A few studies have investigated the possible antimicrobial effect of the periodontal dressing (O'Neil 1975, Haugen et al. 1977, Cheshire et al. 1996). The periodontal dressing that was used consisted of zinc oxide non-eugenol. The reaction is based on a metallic oxide and fatty acids. According to the information from the manufacturer two possible anti-infective ingredients were visible, lorothidol (fungicide) and chlorothymol (antibacterial). No anti-inflammatory ingredients were observed. So far, there is no study available that can actually prove whether these ingredients have an effect on the plaque accumulation. O'Neil stated in 1975 that the use of an antimicrobial agent is not necessary in the periodontal dressing because it forms a physical barrier to saliva, bacterial contamination and food impaction. Further research is needed to prove if periodontal dressing has some anti-infective effect.
Our data are in agreement with two other studies. Sigusch et al. (2005) introduced the use of a periodontal dressing as an adjunctive tool in the treatment of patients with aggressive periodontitis. The patients were treated with non-surgical therapy, systemic antibiotics (Metronidazole 500 mg b.i.d. for 8 days) and periodontal dressing. Three treatment groups were used; in group 1 the periodontal dressing was removed after 3–4 days, in group 2 the periodontal dressing was removed after 7–8 days and the control group. The non-surgical therapy consisted of two parts, part one scaling and root planing in 3–4 sessions and part two manual root curettage in one session. The usage of chlorhexidine was not mentioned. After 6 months group 1 showed an additional pocket depth reduction of 0.7 mm and also an additional probing attachment gain of 0.7 mm compared with the control group. Group 2 showed an additional pocket depth reduction of 1.8 mm and also an additional probing attachment gain of 1.8 mm. Genovesi et al. (2012) used a periodontal dressing for 7 days during the non-surgical treatment of patients with moderate-to-advanced periodontitis in a split-mouth design. The patients were treated with a full-mouth scaling and root planing within 24 h and this was followed by curettage of the epithelium. Also here, the usage of chlorhexidine was again not mentioned. After 2 months, the periodontal dressing group showed an additional pocket depth reduction of 0.8 mm compared with the control group. The additional probing attachment gain for the periodontal dressing group was 1.1 mm compared with the control group.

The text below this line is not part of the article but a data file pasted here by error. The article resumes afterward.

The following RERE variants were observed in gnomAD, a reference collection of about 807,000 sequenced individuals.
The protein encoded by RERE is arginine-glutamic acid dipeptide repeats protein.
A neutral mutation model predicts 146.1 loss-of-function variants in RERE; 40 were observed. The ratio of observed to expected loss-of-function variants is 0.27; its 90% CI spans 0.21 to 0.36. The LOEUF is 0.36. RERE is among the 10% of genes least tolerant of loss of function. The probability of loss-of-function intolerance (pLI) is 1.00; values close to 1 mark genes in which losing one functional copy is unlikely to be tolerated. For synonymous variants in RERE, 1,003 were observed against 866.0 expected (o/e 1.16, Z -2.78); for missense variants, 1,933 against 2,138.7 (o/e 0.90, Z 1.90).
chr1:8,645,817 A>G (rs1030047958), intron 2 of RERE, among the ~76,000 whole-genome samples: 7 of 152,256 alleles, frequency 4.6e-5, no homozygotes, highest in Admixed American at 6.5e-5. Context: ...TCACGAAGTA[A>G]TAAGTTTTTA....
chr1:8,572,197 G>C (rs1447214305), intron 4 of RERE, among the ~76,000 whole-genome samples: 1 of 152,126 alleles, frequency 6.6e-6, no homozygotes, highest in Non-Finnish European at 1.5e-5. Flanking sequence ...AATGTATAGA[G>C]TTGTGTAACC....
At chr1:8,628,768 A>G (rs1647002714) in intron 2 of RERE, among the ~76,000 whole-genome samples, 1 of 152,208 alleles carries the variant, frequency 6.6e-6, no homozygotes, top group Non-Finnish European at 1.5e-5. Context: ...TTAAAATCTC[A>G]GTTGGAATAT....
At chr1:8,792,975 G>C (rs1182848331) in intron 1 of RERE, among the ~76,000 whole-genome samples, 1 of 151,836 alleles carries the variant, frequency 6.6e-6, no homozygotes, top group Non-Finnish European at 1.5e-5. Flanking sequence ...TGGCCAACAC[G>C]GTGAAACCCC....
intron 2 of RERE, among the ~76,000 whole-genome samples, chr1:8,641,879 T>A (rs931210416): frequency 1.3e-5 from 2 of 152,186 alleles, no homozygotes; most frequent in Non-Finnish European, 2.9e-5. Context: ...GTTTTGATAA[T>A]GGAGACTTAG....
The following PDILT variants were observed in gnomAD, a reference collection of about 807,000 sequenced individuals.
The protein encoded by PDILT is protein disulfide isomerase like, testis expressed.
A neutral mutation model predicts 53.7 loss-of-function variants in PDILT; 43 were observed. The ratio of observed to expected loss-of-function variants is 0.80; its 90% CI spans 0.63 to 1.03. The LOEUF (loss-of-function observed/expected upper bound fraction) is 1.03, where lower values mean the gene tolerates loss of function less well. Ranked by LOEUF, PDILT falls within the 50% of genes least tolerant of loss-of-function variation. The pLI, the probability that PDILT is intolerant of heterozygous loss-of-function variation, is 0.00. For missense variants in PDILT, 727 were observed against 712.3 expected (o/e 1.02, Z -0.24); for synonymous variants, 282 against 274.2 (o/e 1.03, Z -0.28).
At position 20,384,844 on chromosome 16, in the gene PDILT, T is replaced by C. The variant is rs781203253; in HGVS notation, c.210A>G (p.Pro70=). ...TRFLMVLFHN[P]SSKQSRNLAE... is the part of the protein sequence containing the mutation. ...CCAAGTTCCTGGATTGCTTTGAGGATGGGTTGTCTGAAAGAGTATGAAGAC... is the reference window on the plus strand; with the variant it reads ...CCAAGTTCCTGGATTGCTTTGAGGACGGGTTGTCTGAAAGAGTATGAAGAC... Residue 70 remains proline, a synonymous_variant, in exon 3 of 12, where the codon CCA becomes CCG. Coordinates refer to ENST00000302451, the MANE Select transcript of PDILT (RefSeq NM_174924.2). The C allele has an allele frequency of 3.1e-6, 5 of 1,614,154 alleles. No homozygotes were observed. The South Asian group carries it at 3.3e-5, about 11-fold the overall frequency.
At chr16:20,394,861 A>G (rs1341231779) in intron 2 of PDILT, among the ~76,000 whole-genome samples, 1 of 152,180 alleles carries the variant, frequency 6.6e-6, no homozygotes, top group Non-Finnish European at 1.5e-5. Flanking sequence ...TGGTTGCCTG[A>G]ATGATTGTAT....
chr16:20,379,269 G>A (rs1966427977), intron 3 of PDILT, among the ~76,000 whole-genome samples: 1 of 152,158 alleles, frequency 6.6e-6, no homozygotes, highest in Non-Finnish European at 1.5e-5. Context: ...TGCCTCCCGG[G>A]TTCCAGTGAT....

The results of this randomized clinical trial show the additional effects that a periodontal dressing has when it is combined with OSFMD. The additional effects of the periodontal dressing could be explained by: protection of the wound, stabilization of the tissues, availability of the blood clot and maybe some antimicrobial effects of the periodontal dressing. Within the limitations of this study a periodontal dressing has additional benefits that are statistically significant for the moderate pockets. It is important to mention that periodontal dressing causes less pain after OSFMD. To reduce the pain a periodontal dressing could be a good alternative to pain medication. Further randomized clinical trials are necessary to confirm this result and this should be done with more patients involved, as this may lead to a significant effect in the deep pockets as well.
Scientific rationale for the study: Previous studies have suggested that scaling and root planing combined with a periodontal dressing applied for 7 days might have some beneficial effects for the treatment of periodontitis. However, more studies are needed to verify this.
Principal findings: Periodontal dressing applied after OSFMD showed significant superior results in all clinical parameters compared to OSFMD alone after 3 months. The results included a significant reduction of pain after OSFMD and reducing the residual pockets up to 3 months post-treatment.
Practical implications: Periodontal dressing applied after OSFMD can reduce the pain after OSFMD and offers a clinical benefit for the treatment of patients with chronic periodontitis.